The Wackness
Dir. Jonathan Levine Sony Pictures Classics http://www.tinymixtapes.com//sites/default/files/arton6483_1.jpg

[Sony Pictures Classics; 2008]

3.5 / 5 (0)


Graffiti still decorated New York’s subways and bus stops. You and your friends exchanged mix tapes (of course). And there were these things called pay phones. That’s right, it was 1994.

Writer/director Jonathan Levine’s The Wackness, the Audience Award winner at this year’s Sundance Film Festival, is certainly a crowd-pleaser – especially if, during that all important year, you were a dude between the ages 14 and 18 living in New York, filled with angst and the heady effects of THC. These film-goers can take an hour and a half to revel in the memories of their youth while being comforted by the distance of more than a decade of maturity. For the rest of us, The Wackness offers a well-acted, slightly unusual coming-of-age tale, backed by some of hip-hop’s most original beats.

So, here’s the story. Perpetual loner and pot dealer Luke Shapiro (Josh Peck) has just graduated from high school, but unlike his peers, he just can’t seem to enjoy his last summer of freedom. As he explains, “Tomorrow I go to my safety school, and then I get older, and then I die.” Yeah, he’s not the most optimistic kid, but he has reason to be a downer: his parents’ incessant bickering could drive even the sanest kid out of his mind. As the summer wears on, Luke finds solace in Dr. Jeffrey Squires (Sir Ben Kingsley), a self-medicating, stoner shrink with whom Luke trades weed for talk-time. Hardly a voice of reasoned lucidity, Squires urges Luke to “get laid,” a prescription that would satisfy both patient and doctor. Luke’s object of affection just happens to be Squires’ stepdaughter, Stephanie (Olivia Thirlby). Like Sandy and Danny, Luke and Stephanie’s love blossoms under the summer sun, only to wilt at the first sign of fall – and the return of the cool kids’ scrutinizing eyes. All the while, Luke keeps pushing his product and exploring the city with Squires, each trying to cure their malaise with drugs, rebellion, and dope tunes. In the end, it’s surrender that solves their respective problems: Luke can’t fast-forward to adulthood and Squires can’t rewind. They can only live in 1994.

The Wackness isn’t quite what the trailers make it out to be. If you’re looking for a kickass celebration of weed, New York, and adolescence, you’re seeing the wrong film. Levine steps right up to the edge of melodrama, indulging Luke’s teenage woes and Squires’ mid-life boredom. Luckily, the script is held back with a safety cord of dry wit. When Squires attempts suicide á la The Awakening, Luke treads through the ocean, calling after him with the doc’s own advice to “embrace the pain,” not to look for the “quick fix.” In the next shot, Luke finds Squires, alive, on the beach. Squires thanks Luke for his sensitivity with a taunt: “You know, that was really fuckin’ cheesy what you said back there.” Moments of brash but playful confrontation remind us that, although these two sad-sacks have some real problems (after all, Squires’ marriage is pitiful and Luke’s parents can’t pay their rent), they also like to wallow in their sorrow. Without their sense of humor, Luke and Squires would simply be pathetic.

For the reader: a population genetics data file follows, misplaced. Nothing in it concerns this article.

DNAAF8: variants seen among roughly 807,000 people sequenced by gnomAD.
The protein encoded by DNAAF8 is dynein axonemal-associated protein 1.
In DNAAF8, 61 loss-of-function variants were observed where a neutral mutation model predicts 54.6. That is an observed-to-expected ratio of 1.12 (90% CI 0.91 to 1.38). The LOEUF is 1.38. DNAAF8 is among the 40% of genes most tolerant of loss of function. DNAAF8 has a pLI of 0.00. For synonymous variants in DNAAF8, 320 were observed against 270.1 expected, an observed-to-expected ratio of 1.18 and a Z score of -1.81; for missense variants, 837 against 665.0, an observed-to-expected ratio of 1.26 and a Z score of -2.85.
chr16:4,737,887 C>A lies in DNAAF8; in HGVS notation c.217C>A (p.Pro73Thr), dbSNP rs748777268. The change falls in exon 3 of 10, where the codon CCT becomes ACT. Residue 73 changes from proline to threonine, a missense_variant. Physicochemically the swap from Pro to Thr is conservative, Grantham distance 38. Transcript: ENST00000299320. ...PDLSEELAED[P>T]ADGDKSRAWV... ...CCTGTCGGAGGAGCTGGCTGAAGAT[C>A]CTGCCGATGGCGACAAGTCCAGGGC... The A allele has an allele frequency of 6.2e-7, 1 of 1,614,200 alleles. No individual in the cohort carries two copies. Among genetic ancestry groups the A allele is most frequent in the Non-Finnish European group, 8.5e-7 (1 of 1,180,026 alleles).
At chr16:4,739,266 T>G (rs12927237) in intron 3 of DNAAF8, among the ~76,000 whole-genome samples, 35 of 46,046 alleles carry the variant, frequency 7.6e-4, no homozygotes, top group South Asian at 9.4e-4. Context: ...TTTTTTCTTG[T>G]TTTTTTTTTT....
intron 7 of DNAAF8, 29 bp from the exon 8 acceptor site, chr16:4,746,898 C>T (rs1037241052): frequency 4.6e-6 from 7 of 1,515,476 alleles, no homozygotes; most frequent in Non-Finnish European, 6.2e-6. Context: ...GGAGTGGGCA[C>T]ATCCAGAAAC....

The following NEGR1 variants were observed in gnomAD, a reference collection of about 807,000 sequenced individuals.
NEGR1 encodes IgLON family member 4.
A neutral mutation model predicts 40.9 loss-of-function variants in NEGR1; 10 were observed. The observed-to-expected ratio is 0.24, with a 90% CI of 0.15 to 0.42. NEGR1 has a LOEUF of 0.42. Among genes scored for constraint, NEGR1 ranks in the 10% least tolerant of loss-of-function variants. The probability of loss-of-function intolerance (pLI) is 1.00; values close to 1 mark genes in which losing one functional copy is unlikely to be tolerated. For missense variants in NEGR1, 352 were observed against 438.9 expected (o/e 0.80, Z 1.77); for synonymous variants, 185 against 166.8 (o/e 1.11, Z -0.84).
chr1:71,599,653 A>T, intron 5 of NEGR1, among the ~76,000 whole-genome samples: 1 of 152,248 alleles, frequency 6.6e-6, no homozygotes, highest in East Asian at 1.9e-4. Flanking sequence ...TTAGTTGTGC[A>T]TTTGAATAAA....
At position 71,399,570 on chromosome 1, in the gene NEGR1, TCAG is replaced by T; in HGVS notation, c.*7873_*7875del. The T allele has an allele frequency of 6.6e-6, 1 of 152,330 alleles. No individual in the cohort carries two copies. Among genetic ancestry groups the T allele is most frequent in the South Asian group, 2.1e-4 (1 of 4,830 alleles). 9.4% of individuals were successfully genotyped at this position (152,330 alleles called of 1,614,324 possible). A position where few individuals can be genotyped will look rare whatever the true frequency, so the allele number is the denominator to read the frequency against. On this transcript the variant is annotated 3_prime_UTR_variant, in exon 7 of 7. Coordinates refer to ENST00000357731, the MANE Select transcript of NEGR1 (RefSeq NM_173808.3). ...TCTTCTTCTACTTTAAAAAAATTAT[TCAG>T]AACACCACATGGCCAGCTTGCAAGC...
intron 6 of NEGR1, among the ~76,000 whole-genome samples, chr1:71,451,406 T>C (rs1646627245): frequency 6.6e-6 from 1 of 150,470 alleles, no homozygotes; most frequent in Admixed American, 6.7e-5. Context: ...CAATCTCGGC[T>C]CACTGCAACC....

Levine also balances realism with small doses of fantasy, but he could be more liberal in his application. In the very first moments of the film, Luke sits on the subway, puts on his headphones, and Nas’ “The World is Yours” literally transports him into another realm. The other passengers disappear and pseudo-Fly Girls prance through the subway car. Later, after Luke and Stephanie’s first kiss, we see him from a bird’s eye view, leaving her building. Dancing with glee, each step lights up a sidewalk square, a tribute to Michael Jackson’s “Billy Jean” video if I ever saw one. But, disappointingly, Levine only dabbles in whimsy. These are the imaginative details that, if used more frequently, would make The Wackness a truly original film.

Petra Korner’s overexposed cinematography captures the haze of high noon and high times, and solid acting bolsters Levine’s slightly anemic script and direction. Kingsley is odd and aloof, but that works for a character whose medicine cabinet is filled with a phalanx of anti-depressants. Thirlby somehow imbues Stephanie, Luke’s chain-smoking, sexually confident, capricious girlfriend, with a tinge of humanity.

But the most surprising performance comes from Peck, who deftly conveys both the anxiety of youth and Luke’s preternatural maturity. Lingo like “mad cool” rolls easily out of his perpetually agape mouth. And though Peck is Caucasian, his performance doesn’t read as inauthentic, co-opted, or “racially insensitive.” Rather, he plays Luke as an outcast, city-kid who finds the outlet for his hormonally-driven agitation in the lyricism and emotion of hip-hop. He doesn’t claim to own the music or the movement; it just fits his situation.

And what a soundtrack it is. In addition to Nas, Levine uses Wu-tang, Raekwon, The Notorious B.I.G., and A Tribe Called Quest (among others) sparingly, but in this case, his hesitancy works. The music comes in only at the most emotionally charged moments, giving voice to Luke and Squires’ inner thoughts. The Wackness sets out to translate the best of hip-hop, with its blend of earnest content and rollicking style, onto the screen. Unlike the music, the film is not a genre-changing breakthrough or a portal to a feeling of place and time, but it’s certainly good enough for some summer play.


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